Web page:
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I have an existing web site built with master pages and what I need to hide or encrypt all pass query strings values in a common place without changing a lot of code.

Can any one help me with this please .. or is there another idea instead of hiding or encrypting >>?


share|improve this question
What level of obfuscation do you need? Query string params will always visible in one form or another unless they are eliminated completely. – RedFilter Jan 23 '12 at 15:13
I need to obfuscate all query strings values that I pass between pages for a security reason. – Amr Elnashar Jan 23 '12 at 15:16

What Chris said in his answer is absolutely correct. I would accept that as the answer if it is suitable.

The first question is, do you need to use a query string if you are hiding it from the user? Perhaps something like Session State is better to avoid the user from ever seeing it in the first place.

However, barring that - perhaps you have a requirement that you can't work around and you absolutely have to do it yourself using the query string.

You can encrypt the query string, in your case I would use DPAPI so you don't have to worry about troublesome things like key management. Here is an example usage:

    public static string Encrypt(string val)
        var bytes = System.Text.Encoding.UTF8.GetBytes(val);
        var encBytes = System.Security.Cryptography.ProtectedData.Protect(bytes, new byte[0], System.Security.Cryptography.DataProtectionScope.LocalMachine);
        return Convert.ToBase64String(encBytes);

    public static string Decrypt(string val)
        var bytes = Convert.FromBase64String(val);
        var encBytes = System.Security.Cryptography.ProtectedData.Unprotect(bytes, new byte[0], System.Security.Cryptography.DataProtectionScope.LocalMachine);
        return System.Text.Encoding.UTF8.GetString(encBytes);

You would have to add a reference to the System.Security assembly and import the namespace System.Security.Cryptography.

Here's an example on how to use it in a page:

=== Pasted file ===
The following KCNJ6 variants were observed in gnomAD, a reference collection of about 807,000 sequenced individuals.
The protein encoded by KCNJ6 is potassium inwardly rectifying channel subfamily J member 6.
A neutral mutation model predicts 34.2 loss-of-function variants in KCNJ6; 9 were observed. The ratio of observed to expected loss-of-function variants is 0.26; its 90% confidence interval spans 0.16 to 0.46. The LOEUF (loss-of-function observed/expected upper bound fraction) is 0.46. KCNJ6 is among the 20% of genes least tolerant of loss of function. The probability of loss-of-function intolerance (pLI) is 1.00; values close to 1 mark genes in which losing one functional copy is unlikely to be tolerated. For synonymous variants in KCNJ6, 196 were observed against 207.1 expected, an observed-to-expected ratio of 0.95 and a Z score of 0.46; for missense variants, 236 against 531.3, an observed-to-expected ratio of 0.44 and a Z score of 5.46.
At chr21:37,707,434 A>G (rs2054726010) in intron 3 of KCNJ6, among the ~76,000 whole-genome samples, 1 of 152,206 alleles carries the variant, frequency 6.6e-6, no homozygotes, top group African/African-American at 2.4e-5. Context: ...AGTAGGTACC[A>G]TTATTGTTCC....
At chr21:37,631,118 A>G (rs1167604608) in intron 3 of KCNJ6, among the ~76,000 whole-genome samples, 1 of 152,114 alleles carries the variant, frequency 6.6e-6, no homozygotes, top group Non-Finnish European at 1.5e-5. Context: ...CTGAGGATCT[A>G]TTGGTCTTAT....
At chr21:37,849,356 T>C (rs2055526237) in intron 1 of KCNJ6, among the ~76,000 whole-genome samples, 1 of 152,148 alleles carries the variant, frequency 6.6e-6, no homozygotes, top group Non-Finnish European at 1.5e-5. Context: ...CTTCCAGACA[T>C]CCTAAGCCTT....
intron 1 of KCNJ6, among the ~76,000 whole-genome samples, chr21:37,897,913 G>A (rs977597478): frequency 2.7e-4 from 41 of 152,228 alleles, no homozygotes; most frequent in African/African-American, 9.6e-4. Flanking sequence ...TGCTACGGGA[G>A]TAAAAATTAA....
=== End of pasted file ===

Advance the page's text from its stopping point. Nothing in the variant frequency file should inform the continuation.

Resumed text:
Response.Redirect("~/somepage.aspx?data=" + Server.UrlEncode(Encrypt("SomeSensitiveData")));

And to decrypt it:

var data = Decrypt(Request.QueryString["data"]);

You can use this to encrypt a query string value, such as Encrypt and use Decrypt on the page that needs to interpret the query string.

You can use this in addition to SSL; which is a good idea. This will also mean that the user won't be able to see the query string values.

There are caveats to using DPAPI. One is that it doesn't play well with load balancers. You would have to use something else, or setup the load balancer to use a sticky session. Another is that if they bookmark a page with an encrypted query string value; and you moved to another server, then all of the bookmarks will contain encrypted query strings that the server cannot decrypt now.

If the query strings need to be preserved (such as for bookmarking), and it isn't for just "temporary" use, then you would need to come up with a common key, keep it somewhere safe, and do the encryption yourself with something like AES.

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I think u don't get my point .. I already have the code written before and I want to do the hiding or the encryption in a common place so I don't need to rewrite the code and find every place that sending querystring. – Amr Elnashar Jan 23 '12 at 16:12
@AmrElnashar You are going to have to change some code. There is no silver bullet in this case. You could do something silly like write an HTTP Module for IIS; or see if a commercial option is available. – vcsjones Jan 23 '12 at 16:20

Why would you want to encrypt the query string? If you are trying to send sensitive information from the browser to the server, use SSL. If you try to encrypt it yourself, you are bound to fail in some subtle way. Don't re-invent the wheel.

share|improve this answer
Encryption is not the best solution I know that but is there another solution to hide the data sent between pages. – Amr Elnashar Jan 23 '12 at 15:19
Who are you trying to hide it from? The user of the browser? Or some other entity (e.g. a hacker, man in the middle, government entity, etc)? – Chris Shain Jan 23 '12 at 15:20
for sure the user. – Amr Elnashar Jan 23 '12 at 15:23
If you just want to hide it from the user, why not just use POST requests, instead of GETs? Alternatively, you can use a URL rewriter:… – Chris Shain Jan 23 '12 at 15:33
I'd also add that if your intent is to prevent the user from doing something malicious (e.g. changing the querystring from ?userid=myaccount to ?userid=youraccount), then you should use a Session variable as @vcsjones mentions. No amount of security based on obfuscation is going to prevent a malicious user from breaking it. – Chris Shain Jan 23 '12 at 15:52

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